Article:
There are three methods that may be employed in announcing a caller.
The method you choose should be governed by what you can afford and by
what is most convenient for you. The most formal and effective plan is
to have a full-liveried butler at the door to lead each guest to the
drawing-room, and then announce his or her name to the hostess. Or a
servant may be at the door to offer each visitor a small silver tray,
on which to place his or her card. The most simple method is to place a
large tray in the hall, preferably on a small table that is
conspicuously situated, and into this the cards of the callers may be
cast as they pass into the drawing-room. It should be remembered that a
maid-servant never announces callers, but only offers them a card-tray
and helps them with their wraps.

The caller at an apartment house should first have the hall boy
telephone up to the hostess--unless the caller is expected--to know if
she is at home. It is not permissible except among very intimate
friends to go up unannounced.

The hostess should always prepare some sort of refreshment for her
guests on the day at home. In winter, tea or hot chocolate may be
served with wafers or cake. Sometimes light sandwiches and bonbons are
served on the day at home. In the warm summer months, if calls are
made, the visitors may be refreshed with iced tea, chocolate or punch.


On her day at home, the hostess makes every effort to make her callers
feel that she is glad to have them. She rises as each new guest makes
his or her appearance, steps forward and offers her hand in greeting.
The expressions, "How do you do, Mrs. Brown," and "I am delighted to
see you, Mr. Gray," are effective phrases of greeting. It is her
important duty to make general introductions, and to give some special
attention to each caller as he or she arrives, drawing him into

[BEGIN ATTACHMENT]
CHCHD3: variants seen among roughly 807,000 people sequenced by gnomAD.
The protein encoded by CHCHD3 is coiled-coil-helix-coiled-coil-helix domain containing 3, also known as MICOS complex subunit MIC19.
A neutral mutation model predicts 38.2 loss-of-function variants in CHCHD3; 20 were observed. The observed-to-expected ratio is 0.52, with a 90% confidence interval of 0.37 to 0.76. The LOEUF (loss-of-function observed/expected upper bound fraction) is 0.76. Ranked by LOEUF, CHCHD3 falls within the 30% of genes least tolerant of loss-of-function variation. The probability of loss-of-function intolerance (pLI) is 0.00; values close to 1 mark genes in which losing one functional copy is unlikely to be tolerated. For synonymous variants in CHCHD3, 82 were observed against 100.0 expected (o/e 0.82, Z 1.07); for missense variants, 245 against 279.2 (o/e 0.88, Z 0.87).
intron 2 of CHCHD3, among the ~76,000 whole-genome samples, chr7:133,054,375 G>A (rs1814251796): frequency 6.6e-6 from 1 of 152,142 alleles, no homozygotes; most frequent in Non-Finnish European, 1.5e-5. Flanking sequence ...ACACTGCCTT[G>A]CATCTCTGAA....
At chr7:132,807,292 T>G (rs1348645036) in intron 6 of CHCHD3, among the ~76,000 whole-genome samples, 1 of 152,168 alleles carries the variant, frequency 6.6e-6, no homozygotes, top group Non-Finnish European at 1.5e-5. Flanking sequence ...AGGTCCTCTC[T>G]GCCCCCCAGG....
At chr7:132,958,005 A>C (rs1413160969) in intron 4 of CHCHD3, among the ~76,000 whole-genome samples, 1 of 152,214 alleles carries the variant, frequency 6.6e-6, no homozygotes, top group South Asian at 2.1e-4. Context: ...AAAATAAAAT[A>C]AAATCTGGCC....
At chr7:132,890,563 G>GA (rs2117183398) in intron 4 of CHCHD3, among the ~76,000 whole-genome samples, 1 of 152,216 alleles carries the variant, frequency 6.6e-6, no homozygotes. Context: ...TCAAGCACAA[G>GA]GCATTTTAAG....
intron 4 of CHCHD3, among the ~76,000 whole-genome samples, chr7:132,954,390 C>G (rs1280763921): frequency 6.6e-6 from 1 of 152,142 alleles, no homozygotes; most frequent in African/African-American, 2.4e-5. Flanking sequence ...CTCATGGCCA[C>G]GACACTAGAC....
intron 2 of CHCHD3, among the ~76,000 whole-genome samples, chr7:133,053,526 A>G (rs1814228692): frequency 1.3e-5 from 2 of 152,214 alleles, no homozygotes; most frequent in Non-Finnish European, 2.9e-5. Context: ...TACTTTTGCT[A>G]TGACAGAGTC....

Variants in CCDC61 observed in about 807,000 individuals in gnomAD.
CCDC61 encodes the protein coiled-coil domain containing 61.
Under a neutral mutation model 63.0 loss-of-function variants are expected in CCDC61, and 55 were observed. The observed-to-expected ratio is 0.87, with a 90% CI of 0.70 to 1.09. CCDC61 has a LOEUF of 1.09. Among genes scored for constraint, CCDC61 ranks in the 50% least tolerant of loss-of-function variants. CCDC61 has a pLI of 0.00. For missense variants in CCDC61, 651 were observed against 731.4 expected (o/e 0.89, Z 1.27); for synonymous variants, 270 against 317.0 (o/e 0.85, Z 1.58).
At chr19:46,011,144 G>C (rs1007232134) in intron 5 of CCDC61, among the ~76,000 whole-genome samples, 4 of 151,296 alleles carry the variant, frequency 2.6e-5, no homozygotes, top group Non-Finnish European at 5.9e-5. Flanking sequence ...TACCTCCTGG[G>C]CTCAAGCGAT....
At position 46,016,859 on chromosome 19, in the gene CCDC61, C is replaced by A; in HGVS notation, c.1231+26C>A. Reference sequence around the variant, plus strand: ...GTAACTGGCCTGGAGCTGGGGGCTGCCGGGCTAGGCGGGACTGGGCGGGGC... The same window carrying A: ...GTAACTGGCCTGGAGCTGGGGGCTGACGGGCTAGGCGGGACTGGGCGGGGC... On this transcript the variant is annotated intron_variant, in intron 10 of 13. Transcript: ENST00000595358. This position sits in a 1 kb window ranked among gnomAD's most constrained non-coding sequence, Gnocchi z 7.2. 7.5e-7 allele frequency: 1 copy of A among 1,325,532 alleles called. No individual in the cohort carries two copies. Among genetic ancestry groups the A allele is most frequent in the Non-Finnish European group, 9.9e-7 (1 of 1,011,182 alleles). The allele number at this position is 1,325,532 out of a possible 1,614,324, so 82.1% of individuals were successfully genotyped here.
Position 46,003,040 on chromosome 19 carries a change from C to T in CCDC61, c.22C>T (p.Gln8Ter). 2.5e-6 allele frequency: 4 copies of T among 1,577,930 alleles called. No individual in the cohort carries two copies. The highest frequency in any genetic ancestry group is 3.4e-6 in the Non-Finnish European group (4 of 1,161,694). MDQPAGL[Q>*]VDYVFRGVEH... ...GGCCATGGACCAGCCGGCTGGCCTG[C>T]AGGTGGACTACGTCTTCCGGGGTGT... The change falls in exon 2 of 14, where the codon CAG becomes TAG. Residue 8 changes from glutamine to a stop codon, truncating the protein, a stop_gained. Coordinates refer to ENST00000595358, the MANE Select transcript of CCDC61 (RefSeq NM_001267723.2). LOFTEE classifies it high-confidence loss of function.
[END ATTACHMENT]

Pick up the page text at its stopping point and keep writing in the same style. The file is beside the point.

conversation with the others before leaving him to greet another

If the rooms are warm, the hostess may invite a feminine caller to
remove her wraps, but she must not assume this privilege with the
gentleman. She usually serves tea or chocolate herself, but if there
are many guests, she may ask one or two friends to assist her. It is
poor hospitality to insist upon replenishing a cup of tea after a guest
has declined with thanks.


It is not always very convenient to entertain chance callers,
especially if one has some important business or appointment to attend
to. But when the servant at the door has admitted that her mistress is
at home, the hostess should exert every effort to make good the
servant's assurance. She must not keep the caller waiting, nor must she
ask to be excused after the caller has been admitted. If important
business claims her time, she may come to the drawing-room and after
welcoming the visitor, explain the situation and ask to be excused. By
no means may she send a written or verbal excuse by messenger. Having
been admitted, the presence of the hostess is demanded if it is for no
other reason than to offer an excuse.

If the hostess has no pressing business duties or appointments to which
to attend, it is her duty to afford every hospitality to the chance
caller. If the call is made in the afternoon, and if the hostess
ordinarily serves tea at that hour, she may serve tea, chocolate or
punch with cake or wafers.

When the caller is a gentleman, and the hostess a young lady, it is
proper to call one's mother or chaperon into the drawing-room to make
the correct introduction, or if the visitor is already known, to
welcome him. A young lady who is well-bred does not entertain gentlemen
until they have been welcomed by her mother.

When two chance callers arrive at the same time, the hostess is, of
course, under obligation to make the necessary introductions.


It is not very often that the host is present at his wife's day at
home, for the very good reason that business claims all his time during
the day. But there is no reason why he should not be present if he
desires to and if it is convenient for him.

The duty of any masculine member of a family appearing in the
drawing-room on the day at home--whether it be husband, son or
brother--is to share in the honors and obligations of the occasion. He
will be introduced to those visitors with whom he is not already
acquainted, by his wife or sister, as the case may be; and he is
expected to assist in entertaining, pass the cups, make introductions,
accompany departing guests to the door and join in the conversations.

When it can be arranged it is most delightful for the husband and wife
to receive their friends together. For this reason even formal society
is lenient with regard to time and Sundays may be utilized for "at
homes," teas, or receptions.


The hostess is not expected to accompany her departing guests to the
door when there are others still in the room to claim her attention.
However, it is only a matter of genuine friendliness and politeness to